for National Geographic News
The Virgin Galactic company today unveiled the WhiteKnightTwo, a new class of carrier airplane that will help loft space tourists beyond Earth's atmosphere (see photos).
The first plane in the WhiteKnightTwo class was christened this morning at the Mojave Air and Spaceport in California. It was named EVE, in honor of Virgin founder Sir Richard Branson's mother.
The sleek, white plane is a larger version of the one that helped SpaceShipOne win the U.S.-ten-million-dollar Ansari X Prize in 2004 by becoming the first privately built craft to carry a person on three round-trip voyages to space.
WhiteKnightTwo will ferry the not-yet-unveiled SpaceShipTwo crafts, six-passenger versions of the original SpaceShipOne, up to 50,000 feet (15,240 meters) above Earth.
The passenger ship is then launched from the underside of WhiteKnightTwo to continue its ascent to the very edge of space—about 65 miles (104 kilometers) above Earth—under its own power. SpaceShipTwo crafts make the return trip to Earth unaided.
"The beauty of WhiteKnightTwo and SpaceShipTwo is that they can help change the paradigm of our relationship to space, achieving an era where space accessibility becomes a commercial and scientific norm rather than an exception," Branson said at the unveiling ceremony.
The event marks a major milestone in Virgin's quest to launch the world's first private, environmentally friendly spaceflight company, Branson added.
"The rollout of WhiteKnightTwo takes the Virgin Galactic vision to the next level and continues to provide tangible evidence that this most ambitious of projects is not only for real but is making tremendous progress toward our goal of safe commercial operation," he said.
(See pictures of the planned New Mexico spaceport that will accommodate Virgin Galactic flights.)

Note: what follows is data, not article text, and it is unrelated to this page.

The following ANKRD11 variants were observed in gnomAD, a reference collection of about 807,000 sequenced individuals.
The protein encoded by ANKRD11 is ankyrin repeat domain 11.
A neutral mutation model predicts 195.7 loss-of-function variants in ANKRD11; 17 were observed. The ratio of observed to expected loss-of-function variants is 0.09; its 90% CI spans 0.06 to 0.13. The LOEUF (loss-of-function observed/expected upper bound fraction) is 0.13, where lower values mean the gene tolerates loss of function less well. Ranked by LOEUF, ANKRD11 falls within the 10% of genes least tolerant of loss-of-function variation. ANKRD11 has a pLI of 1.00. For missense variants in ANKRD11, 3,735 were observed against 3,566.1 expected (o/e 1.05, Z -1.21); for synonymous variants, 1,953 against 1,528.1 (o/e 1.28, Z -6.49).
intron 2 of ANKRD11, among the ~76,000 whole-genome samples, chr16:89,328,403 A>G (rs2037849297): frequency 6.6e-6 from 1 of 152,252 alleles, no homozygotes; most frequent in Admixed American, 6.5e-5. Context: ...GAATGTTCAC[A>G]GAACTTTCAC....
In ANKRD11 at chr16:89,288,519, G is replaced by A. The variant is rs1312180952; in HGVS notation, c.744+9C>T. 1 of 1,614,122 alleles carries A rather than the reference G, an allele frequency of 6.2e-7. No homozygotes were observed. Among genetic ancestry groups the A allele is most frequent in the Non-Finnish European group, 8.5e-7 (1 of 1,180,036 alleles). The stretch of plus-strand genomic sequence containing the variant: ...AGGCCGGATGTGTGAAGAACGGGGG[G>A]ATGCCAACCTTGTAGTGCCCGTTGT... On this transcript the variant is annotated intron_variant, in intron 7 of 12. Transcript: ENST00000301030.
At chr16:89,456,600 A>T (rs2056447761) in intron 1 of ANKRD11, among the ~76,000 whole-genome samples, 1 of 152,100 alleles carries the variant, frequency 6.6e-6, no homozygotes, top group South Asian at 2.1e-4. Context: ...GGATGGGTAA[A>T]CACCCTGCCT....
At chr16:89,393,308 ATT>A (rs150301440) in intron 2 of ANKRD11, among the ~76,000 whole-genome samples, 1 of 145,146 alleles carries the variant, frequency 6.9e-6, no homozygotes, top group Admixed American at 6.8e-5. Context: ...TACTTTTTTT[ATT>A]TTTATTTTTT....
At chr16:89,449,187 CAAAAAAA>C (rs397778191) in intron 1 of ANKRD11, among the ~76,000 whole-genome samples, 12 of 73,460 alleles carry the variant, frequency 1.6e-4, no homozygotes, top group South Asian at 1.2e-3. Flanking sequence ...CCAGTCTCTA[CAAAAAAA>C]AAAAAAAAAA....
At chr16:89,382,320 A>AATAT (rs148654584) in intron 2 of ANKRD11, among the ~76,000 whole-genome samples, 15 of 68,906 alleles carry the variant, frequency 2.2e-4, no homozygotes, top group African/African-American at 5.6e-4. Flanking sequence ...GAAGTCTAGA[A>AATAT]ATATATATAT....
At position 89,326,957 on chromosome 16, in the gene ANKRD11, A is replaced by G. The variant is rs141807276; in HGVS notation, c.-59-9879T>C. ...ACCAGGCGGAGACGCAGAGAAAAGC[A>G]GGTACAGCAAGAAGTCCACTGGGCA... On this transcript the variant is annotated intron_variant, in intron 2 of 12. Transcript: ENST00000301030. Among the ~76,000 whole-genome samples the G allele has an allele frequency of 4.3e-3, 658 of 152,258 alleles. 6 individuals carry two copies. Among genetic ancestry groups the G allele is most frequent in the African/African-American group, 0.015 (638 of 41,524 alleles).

Designed by aerospace firm Scaled Composites, which also built its predecessor, WhiteKnightTwo is the largest carbon-composite aircraft ever made.
The twin-boom, catamaran-like design features four turbofan jets engines and a 140-foot (42.6-meter) wingspan.
Its fuel capacity will allow it to complete up to four daily spaceflights or to fly nonstop while ferrying a SpaceShipTwo vehicle between the U.S. coasts.
"We very much hope that its efficiency will herald a wake-up call to the aerospace industry and the necessity of using new materials and technologies in the future," said Burt Rutan, founder and chief technology officer for Scaled Composites.
(Read more about private space travel in Rutan's own words.)
In addition to helping give space tourists a sweeping view of the planet, WhiteKnightTwo could find other uses as a delivery system for small payloads and satellites.
"I believe the vehicle will be developed and sold for a variety of launch applications beyond the initial requirements of our launch customer, Virgin Galactic," Rutan said.
When SpaceShipTwo crafts are ready for flight in 2009, a seat aboard the space plane will cost approximately U.S. $200,000.
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